Sound Concept

Discussion in 'Trumpet Discussion' started by lakerjazz, Jul 6, 2011.

  1. lakerjazz

    lakerjazz Mezzo Piano User

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    Oct 10, 2006
    One thing that I've noticed about the trumpet is that the sound from player to player seems to vary a lot more than other instruments. I've noticed that over time, there have been four basic sound concepts. One is the standard concert hall sound concept of a full projecting tone, which is used by every classical trumpet player with few exceptions. Another is the bright brassy sound typically found in mariachi bands. The last two are from jazz. One sound concept is that of a fatter, more bulbous tone, and the other is of a more character-like personal sound with high overtones throughout. For example, the fatter tone: YouTube - ‪After You've Gone- James P. Johnson‬‏
    the character-like tone: YouTube - ‪Roy Eldridge - After You've Gone‬‏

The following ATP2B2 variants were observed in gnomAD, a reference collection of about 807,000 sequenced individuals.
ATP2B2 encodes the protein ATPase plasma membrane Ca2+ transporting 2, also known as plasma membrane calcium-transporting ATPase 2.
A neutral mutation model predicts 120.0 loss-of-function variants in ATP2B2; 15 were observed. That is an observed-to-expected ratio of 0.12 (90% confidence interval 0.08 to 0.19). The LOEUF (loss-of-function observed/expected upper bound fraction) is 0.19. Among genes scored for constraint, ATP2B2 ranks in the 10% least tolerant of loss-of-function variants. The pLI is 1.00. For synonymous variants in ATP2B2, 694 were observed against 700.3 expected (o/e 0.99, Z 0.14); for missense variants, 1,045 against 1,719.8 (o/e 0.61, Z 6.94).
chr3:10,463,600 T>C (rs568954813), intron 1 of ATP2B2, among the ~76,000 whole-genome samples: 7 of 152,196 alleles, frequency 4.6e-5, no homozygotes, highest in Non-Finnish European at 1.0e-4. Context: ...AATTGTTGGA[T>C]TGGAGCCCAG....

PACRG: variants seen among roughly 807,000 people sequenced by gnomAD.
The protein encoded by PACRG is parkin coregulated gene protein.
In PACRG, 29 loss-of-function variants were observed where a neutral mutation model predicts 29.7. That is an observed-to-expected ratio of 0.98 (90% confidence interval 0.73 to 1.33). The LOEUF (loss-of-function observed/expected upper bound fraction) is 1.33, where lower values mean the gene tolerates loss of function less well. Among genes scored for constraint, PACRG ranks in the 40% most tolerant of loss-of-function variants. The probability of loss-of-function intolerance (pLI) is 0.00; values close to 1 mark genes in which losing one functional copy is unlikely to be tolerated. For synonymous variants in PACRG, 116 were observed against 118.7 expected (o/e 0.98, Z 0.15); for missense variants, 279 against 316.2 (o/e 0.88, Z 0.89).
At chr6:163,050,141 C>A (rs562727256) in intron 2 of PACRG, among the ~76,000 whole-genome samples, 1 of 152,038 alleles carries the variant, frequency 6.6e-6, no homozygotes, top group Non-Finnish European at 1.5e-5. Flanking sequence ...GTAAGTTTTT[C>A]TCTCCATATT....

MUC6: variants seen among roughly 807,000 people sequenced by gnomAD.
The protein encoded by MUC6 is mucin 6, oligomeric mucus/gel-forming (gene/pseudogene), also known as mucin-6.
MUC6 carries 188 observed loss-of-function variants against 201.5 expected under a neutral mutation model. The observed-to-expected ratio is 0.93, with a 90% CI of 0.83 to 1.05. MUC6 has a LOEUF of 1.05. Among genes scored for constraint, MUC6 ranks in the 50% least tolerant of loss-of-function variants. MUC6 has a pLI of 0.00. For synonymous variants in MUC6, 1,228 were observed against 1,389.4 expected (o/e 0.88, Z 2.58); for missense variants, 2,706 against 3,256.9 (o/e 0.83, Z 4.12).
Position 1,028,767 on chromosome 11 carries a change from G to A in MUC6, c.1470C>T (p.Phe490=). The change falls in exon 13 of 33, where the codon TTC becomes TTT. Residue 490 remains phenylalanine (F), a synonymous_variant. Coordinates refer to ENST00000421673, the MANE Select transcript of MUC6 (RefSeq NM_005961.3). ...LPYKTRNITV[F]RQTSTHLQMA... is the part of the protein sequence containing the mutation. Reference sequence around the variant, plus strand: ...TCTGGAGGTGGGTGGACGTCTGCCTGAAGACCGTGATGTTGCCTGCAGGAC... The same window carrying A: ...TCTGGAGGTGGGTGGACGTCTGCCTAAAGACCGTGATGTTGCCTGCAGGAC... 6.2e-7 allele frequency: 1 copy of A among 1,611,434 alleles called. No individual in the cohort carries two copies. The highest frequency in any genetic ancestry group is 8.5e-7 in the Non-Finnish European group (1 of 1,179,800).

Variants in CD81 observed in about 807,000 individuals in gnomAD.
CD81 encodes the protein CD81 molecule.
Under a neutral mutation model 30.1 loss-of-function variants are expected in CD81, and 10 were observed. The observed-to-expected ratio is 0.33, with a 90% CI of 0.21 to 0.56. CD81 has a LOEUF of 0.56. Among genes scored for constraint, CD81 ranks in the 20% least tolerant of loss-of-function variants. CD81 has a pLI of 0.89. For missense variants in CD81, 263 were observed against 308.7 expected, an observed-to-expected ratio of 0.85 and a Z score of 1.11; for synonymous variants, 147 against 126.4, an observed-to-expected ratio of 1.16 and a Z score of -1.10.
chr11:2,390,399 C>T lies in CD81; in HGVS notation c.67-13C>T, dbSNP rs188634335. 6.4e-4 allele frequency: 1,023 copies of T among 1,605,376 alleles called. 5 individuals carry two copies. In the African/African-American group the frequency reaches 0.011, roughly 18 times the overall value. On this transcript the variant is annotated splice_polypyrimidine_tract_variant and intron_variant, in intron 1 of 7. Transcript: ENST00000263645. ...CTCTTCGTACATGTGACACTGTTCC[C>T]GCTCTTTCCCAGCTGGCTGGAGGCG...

Though the concert sound, mariachi sound, and fat jazz sound prevail, I've yet to find a recording after the 50s that embraces the remaining sound concept. Why? :dontknow: Does anyone have counterexamples?
     
  2. kingtrumpet

    kingtrumpet Utimate User

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    New York State USA
    I am not sure what you are looking for, because your going to get a hundred responses to this thread with everyone putting up there favorite performer -- if it is a the character like sound with overtones -- and personalized -------- I can't think of a better one to put up than Phil Driscoll --- having said that -- the dude can play in about any style anyhow -- but here it is -
    it's a duet -- with his son -- so there may be another trumpet player -- "in the making"

    YouTube - ‪PHIL DRISCOLL & his Son INCREDIBLE DUET of Holy Holy Holy‬‏
     
  3. lakerjazz

    lakerjazz Mezzo Piano User

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    Oct 10, 2006
    Yes they are fantastic players, but my question was not in regard to style. Rather, it has to do with how they approach the horn. These players that you've shown also go for the fat commercial sound that I hear so often, and of course, they have their own personality added on. The sound is fat and full, like most commercial trumpet records since the 50s, but you can't say the same for the Roy Eldridge. It is not fat or full, but it is still good quality. Consequently, it is a different but valid approach, one that I don't find in many records since the 50s.
     

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